Fairmount had more entries in the Schuylkill Navy Regatta than any other clubs, with a total of 343 entries and 103 victories. They won the Caldwell trophy three times, 1940 to 43. Tom McDonough won the Championship Single belt in 1957-58. They also have over 50 National Championships . They won the cross country trophy 15 times, and the basketball championship 3 times. Teresa Bell was 2nd in the lightweight double in the 1996 Olympics.

Pennsylvania Barge Club (#4)was founded in 1861 and joined the Schuylkill Navy in 1865. The present building is modified Eastlake style architecture. Penn Barge had the four with in the 1920-24-28 (both fours) and the pair with in the 1932 Olympics. They won the Cross Country Run in 1901-02-09-14-15-19-21-24, and had 5 first places. Penn Barge had 359 entries and 106 victories in the Schuylkill Navy races. Hugh Sharp won the cross country race in 1946, and Penn Barge won the Basketball league in 1926. After WW II, the club was not able to rebuild its membership lost to the service. The building became United States Rowing Society headquarters in 1955.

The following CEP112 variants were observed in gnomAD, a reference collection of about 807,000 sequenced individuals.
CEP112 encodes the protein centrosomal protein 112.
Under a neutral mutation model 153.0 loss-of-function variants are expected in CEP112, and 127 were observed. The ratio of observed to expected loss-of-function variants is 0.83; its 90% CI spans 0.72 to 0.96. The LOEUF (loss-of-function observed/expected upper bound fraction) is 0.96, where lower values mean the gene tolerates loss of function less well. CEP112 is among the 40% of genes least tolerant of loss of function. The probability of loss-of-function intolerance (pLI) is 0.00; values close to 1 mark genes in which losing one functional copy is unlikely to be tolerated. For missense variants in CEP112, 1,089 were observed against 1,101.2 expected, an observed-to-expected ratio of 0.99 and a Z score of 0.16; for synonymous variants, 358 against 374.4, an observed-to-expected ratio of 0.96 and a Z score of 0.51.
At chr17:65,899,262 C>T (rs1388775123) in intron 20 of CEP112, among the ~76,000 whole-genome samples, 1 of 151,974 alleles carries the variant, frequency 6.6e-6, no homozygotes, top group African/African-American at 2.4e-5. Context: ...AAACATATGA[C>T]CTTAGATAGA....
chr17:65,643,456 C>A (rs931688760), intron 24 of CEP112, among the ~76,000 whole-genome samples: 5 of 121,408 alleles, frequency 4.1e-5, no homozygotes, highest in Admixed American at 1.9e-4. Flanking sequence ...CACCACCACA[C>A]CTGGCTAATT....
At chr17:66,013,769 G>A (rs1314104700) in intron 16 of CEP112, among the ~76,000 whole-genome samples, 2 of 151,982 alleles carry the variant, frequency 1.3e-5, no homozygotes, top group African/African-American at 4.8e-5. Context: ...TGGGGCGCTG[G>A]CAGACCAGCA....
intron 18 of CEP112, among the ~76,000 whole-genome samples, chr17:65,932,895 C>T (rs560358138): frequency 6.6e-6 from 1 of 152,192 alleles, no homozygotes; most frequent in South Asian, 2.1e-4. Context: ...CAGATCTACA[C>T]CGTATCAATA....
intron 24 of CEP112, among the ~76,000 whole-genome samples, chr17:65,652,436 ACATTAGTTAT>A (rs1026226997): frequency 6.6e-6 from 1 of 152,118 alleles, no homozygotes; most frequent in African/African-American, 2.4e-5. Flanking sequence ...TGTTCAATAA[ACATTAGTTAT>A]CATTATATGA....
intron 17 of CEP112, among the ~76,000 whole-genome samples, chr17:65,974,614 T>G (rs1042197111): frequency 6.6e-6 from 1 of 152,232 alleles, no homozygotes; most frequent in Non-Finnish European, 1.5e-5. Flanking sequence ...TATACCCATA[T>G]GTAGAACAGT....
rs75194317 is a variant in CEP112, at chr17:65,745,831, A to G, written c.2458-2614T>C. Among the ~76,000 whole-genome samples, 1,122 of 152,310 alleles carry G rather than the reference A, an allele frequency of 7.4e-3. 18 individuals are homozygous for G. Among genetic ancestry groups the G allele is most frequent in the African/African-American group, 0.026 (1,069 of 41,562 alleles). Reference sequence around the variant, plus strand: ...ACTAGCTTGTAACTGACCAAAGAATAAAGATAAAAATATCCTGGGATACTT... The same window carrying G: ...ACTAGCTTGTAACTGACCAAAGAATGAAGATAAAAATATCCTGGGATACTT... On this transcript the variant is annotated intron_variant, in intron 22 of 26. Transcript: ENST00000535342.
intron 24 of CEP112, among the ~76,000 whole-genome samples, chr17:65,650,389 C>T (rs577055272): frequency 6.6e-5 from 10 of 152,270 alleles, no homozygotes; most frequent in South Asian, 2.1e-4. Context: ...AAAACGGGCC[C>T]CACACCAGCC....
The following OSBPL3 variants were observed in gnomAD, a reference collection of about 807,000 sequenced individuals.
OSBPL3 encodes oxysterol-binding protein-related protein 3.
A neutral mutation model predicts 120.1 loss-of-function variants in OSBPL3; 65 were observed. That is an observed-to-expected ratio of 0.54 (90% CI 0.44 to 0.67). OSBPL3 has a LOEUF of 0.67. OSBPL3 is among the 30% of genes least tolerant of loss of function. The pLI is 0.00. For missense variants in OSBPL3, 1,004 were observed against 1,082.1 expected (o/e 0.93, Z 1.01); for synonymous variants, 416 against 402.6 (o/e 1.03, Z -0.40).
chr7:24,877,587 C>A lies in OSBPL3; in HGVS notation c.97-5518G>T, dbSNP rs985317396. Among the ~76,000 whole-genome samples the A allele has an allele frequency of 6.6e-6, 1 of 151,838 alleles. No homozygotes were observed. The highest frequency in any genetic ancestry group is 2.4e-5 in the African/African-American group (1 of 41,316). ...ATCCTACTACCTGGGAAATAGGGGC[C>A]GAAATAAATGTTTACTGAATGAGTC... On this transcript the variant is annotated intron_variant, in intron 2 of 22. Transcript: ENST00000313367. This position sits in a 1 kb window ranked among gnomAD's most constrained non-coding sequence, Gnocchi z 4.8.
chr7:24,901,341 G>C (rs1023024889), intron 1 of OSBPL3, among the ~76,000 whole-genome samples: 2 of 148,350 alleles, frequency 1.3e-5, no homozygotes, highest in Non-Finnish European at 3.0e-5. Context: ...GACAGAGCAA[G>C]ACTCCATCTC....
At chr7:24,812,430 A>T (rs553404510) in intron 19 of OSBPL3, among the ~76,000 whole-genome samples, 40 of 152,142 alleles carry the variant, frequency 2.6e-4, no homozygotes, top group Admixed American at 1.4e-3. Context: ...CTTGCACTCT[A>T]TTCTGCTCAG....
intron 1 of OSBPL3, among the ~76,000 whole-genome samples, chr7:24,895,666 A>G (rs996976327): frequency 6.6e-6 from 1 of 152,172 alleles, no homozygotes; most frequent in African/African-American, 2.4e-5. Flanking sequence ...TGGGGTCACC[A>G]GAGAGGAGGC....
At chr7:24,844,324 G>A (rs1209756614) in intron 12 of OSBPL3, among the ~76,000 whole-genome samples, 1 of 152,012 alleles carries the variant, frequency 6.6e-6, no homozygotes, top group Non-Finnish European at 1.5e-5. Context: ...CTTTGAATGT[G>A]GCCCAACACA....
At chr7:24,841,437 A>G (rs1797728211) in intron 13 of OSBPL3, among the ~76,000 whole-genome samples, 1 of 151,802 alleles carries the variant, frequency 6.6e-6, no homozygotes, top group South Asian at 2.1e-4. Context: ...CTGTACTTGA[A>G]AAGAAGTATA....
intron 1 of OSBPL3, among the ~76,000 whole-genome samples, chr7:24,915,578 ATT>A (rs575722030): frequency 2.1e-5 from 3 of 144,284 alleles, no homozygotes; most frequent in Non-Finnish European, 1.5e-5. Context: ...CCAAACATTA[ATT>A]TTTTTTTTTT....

Crescent Boat Club (#5) was organized in 1867, combining members of the Pickwick and Iona BC and occupied space in the Camilla BC. They joined the Schuylkill Navy in 1916. Crescent had 257 entries and 62 victories in the Schuylkill navy races. Mike McCreeshwon the Championship single belt in 1942. They won the Cross Country Run in 1900-04-05, and 1941-42-47-48. Crescent won 3 team prizes and 5 individual prizes in the Cross Country Run. In basketball Crescent won 4 league championships. From 1951 to 1960 the club was known as the LaSalle Rowing Association.